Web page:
THE Central Africa Building Society (Cabs) is increasing its mortgage bond lending rates with effect from December 1, further dampening the hopes of cash-strapped home-se
The move comes as commercial banks have begun hiking their minimum lending rates (MLR) to levels way above the 100% mark.
A wave of increases in the MLR seems to be the order of day with several banks increasing theirs this week. Trust Bank Ltd published their increase which now sits at 163%, while First Bank has theirs at 169%.
Cabs managing director David Stephenson, said with effect from December 1, mortgage lending interest rates would be hiked.
He said all loans worth $100 million would shoot up by 20% from 65% to 85%.
The managing director said working capital for individual, industrial and commercial property loans would increase from 53% to 65%.
Schools, on the other hand, would have their interest rates increased by 6%, from 47% to 53%, while vacant land would attract an interest of 65%, up from the current 53%.
Stephensen said non-owner occupied residential properties and sole properties as well as non-trading companies and trust residential properties would attract an interest rate of 53% up from 45%.
He said owner-occupied low and high-density properties worth $20 million would now pay an interest rate of 50%, up from the 43% currently charged.
The managing director said owner occupied low and high density properties worth $20 million as well as owner occupied high density properties worth more than $100 000 but less than $20 million would attract an interest of 45%.
They were paying interest rates of 40%.
Analysts said other building societies would immediately follow suit due to Zimbabwe’s hyperinflationary environment.
They said it was however unfortunate because potential house owners would be forced to fork out more money at a time when everything else has begun to skyrocket.
Inflation has steadily risen from about 100% in January this year to 455,6% in September.
Meanwhile Cabs says it advanced by way of new mortgage loans a total of $9,7 billion, an increase of 117,3% over the previous financial year.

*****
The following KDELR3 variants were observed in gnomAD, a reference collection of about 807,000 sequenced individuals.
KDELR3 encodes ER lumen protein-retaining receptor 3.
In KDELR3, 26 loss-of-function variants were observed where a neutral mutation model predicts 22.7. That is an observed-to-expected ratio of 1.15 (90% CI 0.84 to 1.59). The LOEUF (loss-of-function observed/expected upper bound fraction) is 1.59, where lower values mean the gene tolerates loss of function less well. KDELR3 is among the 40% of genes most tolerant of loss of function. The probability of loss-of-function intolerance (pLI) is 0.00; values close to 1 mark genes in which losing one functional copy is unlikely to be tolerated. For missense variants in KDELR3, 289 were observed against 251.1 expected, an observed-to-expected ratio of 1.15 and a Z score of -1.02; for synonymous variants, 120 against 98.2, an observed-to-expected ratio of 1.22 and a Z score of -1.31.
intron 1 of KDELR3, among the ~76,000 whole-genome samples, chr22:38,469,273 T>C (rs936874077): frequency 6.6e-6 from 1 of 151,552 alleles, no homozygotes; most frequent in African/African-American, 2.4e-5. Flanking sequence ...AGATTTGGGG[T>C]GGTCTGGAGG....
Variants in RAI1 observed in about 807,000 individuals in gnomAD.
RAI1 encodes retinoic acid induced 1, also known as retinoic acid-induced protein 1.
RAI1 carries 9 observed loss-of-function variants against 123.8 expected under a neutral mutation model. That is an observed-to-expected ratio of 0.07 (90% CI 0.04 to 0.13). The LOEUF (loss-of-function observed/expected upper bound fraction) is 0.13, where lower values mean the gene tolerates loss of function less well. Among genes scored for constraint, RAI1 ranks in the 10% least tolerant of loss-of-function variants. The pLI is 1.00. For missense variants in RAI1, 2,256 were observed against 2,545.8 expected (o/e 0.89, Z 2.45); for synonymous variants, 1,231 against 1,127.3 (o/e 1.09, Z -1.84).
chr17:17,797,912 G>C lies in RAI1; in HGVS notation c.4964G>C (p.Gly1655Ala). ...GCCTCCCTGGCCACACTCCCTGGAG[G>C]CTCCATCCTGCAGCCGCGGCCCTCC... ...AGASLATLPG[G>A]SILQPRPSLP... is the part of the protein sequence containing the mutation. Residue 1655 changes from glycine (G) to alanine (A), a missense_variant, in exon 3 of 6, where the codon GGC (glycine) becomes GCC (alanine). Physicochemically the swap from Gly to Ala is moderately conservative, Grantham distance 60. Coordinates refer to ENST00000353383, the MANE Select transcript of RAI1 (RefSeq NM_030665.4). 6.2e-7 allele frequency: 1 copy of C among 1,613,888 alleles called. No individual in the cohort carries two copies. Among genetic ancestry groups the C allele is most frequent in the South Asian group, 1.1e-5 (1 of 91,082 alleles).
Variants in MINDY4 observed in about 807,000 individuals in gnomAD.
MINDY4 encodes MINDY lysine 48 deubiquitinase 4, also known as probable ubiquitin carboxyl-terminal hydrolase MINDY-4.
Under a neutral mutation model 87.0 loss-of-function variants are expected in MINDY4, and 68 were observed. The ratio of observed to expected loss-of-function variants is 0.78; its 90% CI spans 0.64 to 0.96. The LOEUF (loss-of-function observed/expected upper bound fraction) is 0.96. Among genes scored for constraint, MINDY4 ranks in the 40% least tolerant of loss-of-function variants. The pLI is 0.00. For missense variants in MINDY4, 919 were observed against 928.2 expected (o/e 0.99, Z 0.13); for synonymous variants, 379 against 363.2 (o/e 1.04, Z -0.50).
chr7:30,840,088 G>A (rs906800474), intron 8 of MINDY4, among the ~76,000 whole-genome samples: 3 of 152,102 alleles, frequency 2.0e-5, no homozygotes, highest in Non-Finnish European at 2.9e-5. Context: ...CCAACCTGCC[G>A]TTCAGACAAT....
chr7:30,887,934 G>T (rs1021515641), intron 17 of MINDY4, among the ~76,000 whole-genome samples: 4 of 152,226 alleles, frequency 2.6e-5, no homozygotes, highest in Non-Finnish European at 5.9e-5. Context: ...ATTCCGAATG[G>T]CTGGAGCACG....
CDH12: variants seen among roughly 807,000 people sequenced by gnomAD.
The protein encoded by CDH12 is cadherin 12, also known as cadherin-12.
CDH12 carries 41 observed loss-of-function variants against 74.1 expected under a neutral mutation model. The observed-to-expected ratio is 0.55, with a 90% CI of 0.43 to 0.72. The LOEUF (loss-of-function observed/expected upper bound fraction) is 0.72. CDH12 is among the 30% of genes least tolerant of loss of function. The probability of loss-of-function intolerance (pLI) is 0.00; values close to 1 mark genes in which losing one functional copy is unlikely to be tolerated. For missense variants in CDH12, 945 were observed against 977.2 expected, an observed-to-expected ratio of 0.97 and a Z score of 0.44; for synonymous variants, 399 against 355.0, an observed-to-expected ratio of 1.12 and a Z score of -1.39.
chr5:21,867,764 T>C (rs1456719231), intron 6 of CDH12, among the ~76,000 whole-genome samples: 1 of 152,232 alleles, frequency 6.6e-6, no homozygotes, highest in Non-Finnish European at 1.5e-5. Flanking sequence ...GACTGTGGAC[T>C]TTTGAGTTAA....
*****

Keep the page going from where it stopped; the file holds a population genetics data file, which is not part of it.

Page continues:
The building society said this is a new record in mortgage lending.
Cabs chairman Enos Chiura said applications from 1 083 borrowers were processed of which 234 were in respect of loans on properties in high density areas and 849 for purchase and building both low density residential and commercial properties.
“The acute shortage of affordable housing continues to be a problem and the increased costs together with the shortage of building materials further reduced the delivery of new housing units, particularly in high to medium density areas where serviced stands with individual title are a scarcity,”
Chiura said in his annual report for the period ended June 30.
Cabs increased mortgage rates on two occasions during the year in an attempt to offset the escalating costs of operation that it had experienced.
“However, these rates are still extremely negative to inflation and very attractive to borrowers in the market in general,” Chiura said. “Funds generated from investing activities continued to be utilised to subsidise mortgage lending rates in an attempt to keep these at affordable levels.”
The chairman said 957 loans were advanced for the acquisition of existing residential properties while 66 loans were advanced for the erection of or improvement to existing dwellings.
“A further 60 loans were advanced for commercial and industrial purchases and development,” Chiura said.
Overall, the Society’s mortgage advances grew at $14,7 billion or 45,9% of the industry total of $32 billion as at June 30.
Chiura said inflation continued to drive the value of properties upwards resulting in a significant decline in the loan to value ratio of properties mortgaged.
This, in turn, had a positive effect on loan servicing by borrowers with only 5,3% of loans being in arrears at year-end.
“The Society still has only six repossessed properties in possession with a total capital balance of $7,5 million,” Chiura said.
He said the lack of serviced stands with freehold title continued to restrict the delivery of new housing units and this, together with an unrealistically low income ceiling for those qualifying to borrow funds through the United States Agency for International Development Public/Private Sector Housing Programme, limited the number of loans granted.